Good News Bear Leadership.
People who know me well know about my passion for leadership development and in particular the development of emerging leaders.
One thing that I would often say to new leaders is that it’s easy for anyone to be the ‘Good News Bear’.
What do I mean by this? I’m glad you asked.
What I’m referring to is the leader who is the one who is one who likes to make sure that the team is always happy and is very understanding and accepting when people haven’t done what was required of them, and makes sure that team meetings are stocked with cakes or biscuits. They want to be liked by all and love to be the first ones with good news for their team.
Now, of course there is nothing wrong with wanting a good dynamic within the team. The problem comes when there are difficult situations to be managed and the ‘good news bear’ leader is unable to deal with the situations appropriately. From my experience, the good news bears don’t want to tackle the tough issues for fear of harming the working relationship with their team.
The downside to this is that there is then a tendency to be accepting of poor performance and hope that some miracle will occur and the recalcitrant team member will magically improve and ‘do the right thing’. Sadly, miracles are few and far between. This is where the leader needs to reflect on the situation and determine what action to take.
When it comes to this, there is no one best way.
Though out of all the possible solutions, what I can tell you is that the ‘do nothing’ approach is probably the worst.
There was a time when I was running a ‘New Leaders’ workshop and recall discussing with a participant a very serious safety breach that he was aware of that was being performed by some of his team members. When asked why, if he knew is was an unsafe act, did he not take action to prevent the team members from doing this his response was “But, the guys won’t be happy with me if I tell them to stop”. Of course, I found this of great concern and we began to explore why the leader was so uncomfortable in being able to address it with his team members. There were multiple reasons for the issue not being addressed and I’m pleased to say that it didn’t take us long to develop a strategy and build some skill in the team leader to address the situation.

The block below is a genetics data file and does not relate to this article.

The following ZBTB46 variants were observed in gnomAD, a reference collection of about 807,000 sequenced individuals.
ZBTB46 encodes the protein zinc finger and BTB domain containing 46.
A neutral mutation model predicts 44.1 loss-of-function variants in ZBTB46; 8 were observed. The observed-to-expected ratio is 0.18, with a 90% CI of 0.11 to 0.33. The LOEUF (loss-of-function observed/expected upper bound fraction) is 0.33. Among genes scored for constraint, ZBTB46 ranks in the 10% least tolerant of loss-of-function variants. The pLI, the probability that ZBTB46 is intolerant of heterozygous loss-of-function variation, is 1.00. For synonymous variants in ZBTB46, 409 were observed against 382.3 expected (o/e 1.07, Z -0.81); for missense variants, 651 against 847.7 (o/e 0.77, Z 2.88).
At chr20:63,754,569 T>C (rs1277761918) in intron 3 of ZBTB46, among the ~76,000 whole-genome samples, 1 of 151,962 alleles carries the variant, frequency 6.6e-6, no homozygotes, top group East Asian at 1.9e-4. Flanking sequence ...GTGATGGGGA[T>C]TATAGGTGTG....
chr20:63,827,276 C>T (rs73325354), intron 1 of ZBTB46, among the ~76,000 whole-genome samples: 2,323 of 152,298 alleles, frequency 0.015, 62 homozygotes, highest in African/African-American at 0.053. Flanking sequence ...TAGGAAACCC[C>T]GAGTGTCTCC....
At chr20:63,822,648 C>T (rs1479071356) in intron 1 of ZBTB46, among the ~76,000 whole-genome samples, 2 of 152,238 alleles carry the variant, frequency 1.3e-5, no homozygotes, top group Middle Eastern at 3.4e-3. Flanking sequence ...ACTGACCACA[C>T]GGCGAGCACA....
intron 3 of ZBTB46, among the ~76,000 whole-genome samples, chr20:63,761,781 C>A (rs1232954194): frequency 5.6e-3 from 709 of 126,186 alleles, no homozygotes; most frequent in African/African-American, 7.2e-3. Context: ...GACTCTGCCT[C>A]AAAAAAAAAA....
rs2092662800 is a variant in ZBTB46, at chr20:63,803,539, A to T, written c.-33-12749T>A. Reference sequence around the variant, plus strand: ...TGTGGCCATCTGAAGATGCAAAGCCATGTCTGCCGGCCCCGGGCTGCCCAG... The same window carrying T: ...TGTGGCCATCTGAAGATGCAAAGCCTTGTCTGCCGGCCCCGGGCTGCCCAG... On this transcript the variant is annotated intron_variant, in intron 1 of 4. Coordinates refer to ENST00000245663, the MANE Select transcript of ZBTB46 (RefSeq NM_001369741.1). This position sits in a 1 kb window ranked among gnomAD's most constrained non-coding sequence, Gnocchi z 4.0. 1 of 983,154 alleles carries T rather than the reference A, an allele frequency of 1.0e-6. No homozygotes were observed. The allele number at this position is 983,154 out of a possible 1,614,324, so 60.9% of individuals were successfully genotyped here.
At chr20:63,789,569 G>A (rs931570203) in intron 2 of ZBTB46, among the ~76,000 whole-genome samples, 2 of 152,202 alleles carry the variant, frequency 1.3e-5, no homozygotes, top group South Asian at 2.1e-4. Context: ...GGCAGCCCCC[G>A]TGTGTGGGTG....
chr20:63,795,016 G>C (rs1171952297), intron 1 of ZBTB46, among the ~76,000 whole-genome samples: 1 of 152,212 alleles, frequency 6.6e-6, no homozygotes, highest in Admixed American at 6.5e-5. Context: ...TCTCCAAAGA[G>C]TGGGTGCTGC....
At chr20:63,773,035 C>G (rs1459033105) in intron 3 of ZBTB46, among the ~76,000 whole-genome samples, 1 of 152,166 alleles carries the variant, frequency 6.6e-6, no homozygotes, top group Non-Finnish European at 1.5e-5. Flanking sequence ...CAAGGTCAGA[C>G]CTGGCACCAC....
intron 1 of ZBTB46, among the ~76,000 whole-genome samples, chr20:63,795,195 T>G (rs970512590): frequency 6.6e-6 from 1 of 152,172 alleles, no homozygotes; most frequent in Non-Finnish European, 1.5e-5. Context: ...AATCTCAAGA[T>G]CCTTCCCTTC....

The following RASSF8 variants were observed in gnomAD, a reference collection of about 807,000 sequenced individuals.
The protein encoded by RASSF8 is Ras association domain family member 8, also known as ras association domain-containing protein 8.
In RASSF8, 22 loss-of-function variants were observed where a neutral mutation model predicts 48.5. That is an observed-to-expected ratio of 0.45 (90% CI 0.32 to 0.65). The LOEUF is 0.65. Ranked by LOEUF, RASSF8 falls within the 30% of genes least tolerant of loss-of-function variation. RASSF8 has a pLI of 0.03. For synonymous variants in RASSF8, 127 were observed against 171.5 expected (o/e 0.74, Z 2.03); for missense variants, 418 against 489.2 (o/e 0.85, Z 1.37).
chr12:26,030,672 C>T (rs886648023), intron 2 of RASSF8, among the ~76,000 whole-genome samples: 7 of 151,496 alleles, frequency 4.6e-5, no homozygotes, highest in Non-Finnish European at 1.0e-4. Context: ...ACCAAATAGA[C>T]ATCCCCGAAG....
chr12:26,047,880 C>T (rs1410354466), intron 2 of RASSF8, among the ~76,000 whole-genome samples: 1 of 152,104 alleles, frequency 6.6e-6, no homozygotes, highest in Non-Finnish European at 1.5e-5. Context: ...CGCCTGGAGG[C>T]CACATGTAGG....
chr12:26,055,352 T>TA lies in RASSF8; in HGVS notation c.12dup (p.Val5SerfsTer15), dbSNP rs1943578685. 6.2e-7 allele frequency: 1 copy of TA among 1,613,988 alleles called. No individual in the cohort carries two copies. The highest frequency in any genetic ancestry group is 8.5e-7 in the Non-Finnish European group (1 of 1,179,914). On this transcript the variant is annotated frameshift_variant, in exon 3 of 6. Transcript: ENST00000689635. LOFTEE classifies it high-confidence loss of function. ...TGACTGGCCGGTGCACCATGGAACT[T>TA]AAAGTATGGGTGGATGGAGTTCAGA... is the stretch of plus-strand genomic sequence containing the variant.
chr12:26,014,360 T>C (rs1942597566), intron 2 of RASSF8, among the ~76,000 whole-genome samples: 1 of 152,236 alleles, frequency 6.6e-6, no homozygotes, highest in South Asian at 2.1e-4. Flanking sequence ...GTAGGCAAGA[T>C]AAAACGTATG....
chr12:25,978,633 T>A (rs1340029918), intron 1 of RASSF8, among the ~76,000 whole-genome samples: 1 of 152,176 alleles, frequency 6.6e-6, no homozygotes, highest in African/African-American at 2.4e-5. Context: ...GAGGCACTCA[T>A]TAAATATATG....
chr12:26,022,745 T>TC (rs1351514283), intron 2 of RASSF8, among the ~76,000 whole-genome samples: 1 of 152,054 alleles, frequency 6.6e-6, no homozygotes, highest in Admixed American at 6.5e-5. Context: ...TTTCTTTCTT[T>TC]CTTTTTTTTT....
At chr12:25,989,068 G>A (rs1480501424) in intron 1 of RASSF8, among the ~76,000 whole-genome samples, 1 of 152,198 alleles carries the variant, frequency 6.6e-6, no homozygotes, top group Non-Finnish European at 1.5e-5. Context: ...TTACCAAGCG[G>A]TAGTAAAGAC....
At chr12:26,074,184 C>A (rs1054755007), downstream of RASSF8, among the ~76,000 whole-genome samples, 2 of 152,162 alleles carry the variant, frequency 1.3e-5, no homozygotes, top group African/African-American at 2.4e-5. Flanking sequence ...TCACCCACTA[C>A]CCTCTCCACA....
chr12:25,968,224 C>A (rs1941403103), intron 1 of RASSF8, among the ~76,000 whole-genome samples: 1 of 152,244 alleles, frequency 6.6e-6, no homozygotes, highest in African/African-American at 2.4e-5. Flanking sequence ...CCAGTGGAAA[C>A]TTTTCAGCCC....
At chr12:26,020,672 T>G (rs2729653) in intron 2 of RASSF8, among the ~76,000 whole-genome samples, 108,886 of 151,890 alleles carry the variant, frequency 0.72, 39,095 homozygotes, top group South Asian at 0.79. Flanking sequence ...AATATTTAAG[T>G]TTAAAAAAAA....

Leaders who are confident in giving feedback that may be seen as negative are a valuable asset to an organisation. Unfortunately, there is a tendency for many organisations to have an abundance of ‘Good News Bears’ and that holds back the performance of entire businesses. This doesn’t mean to say that leaders have to turn into fire-breathing dragons. What is needed are leaders who have the capability of being the “Bad News Bear’ when and if it’s needed. Doing this the right way is a key leadership skill.
Many team leader/manager position descriptions talk, in one way or another, about ‘support, lead and develop their teams’. This isn’t a surprise to people in leadership, however the problem seems to develop when people are appointed to leadership roles, and we make the assumption that they already come with the complete skillset to deal with any performance issues.
It’s an insidious situation where people get appointed to team leadership roles without a clear understanding of any skills gaps that need to be addressed. The leaders get into these roles and try to work things out and try to cajole their team along with positive upbeat motivation and find they are not getting the success they seek. Then they get into a deeper hole and don’t want to ‘s acknowledge, or bring to their managers attention, that they haven’t got the confidence and skill to address poor performance with their team members as part of their job.
When I’ve coached people in the past to develop these skills it is so satisfying to see the confidence they gain and the relief they feel when they can tackle things they have been avoiding and do it is such a way that maintains respect and dignity of those involved.
I find that helping new leaders in this area in particular provides long lasting benefits for them personally and also for the organisations in which they work.
If you would like to know more about how your business can be improved through the team leadership coaching get in touch to discuss your need and how we can assist.
Remember, being more productive is not about how much sweat you put into a problem, it is about getting the desired outcome in the most effective way possible. When I work with a client, I like to look for the barriers that prevent them from doing the things they are employed to do and to give people tools that can be used immediately.
I like to give people back the time to do their core job.
John Yealland is a management consultant and business improvement expert who has worked with leaders in a wide range of industries to help them improve the performance of their organisation.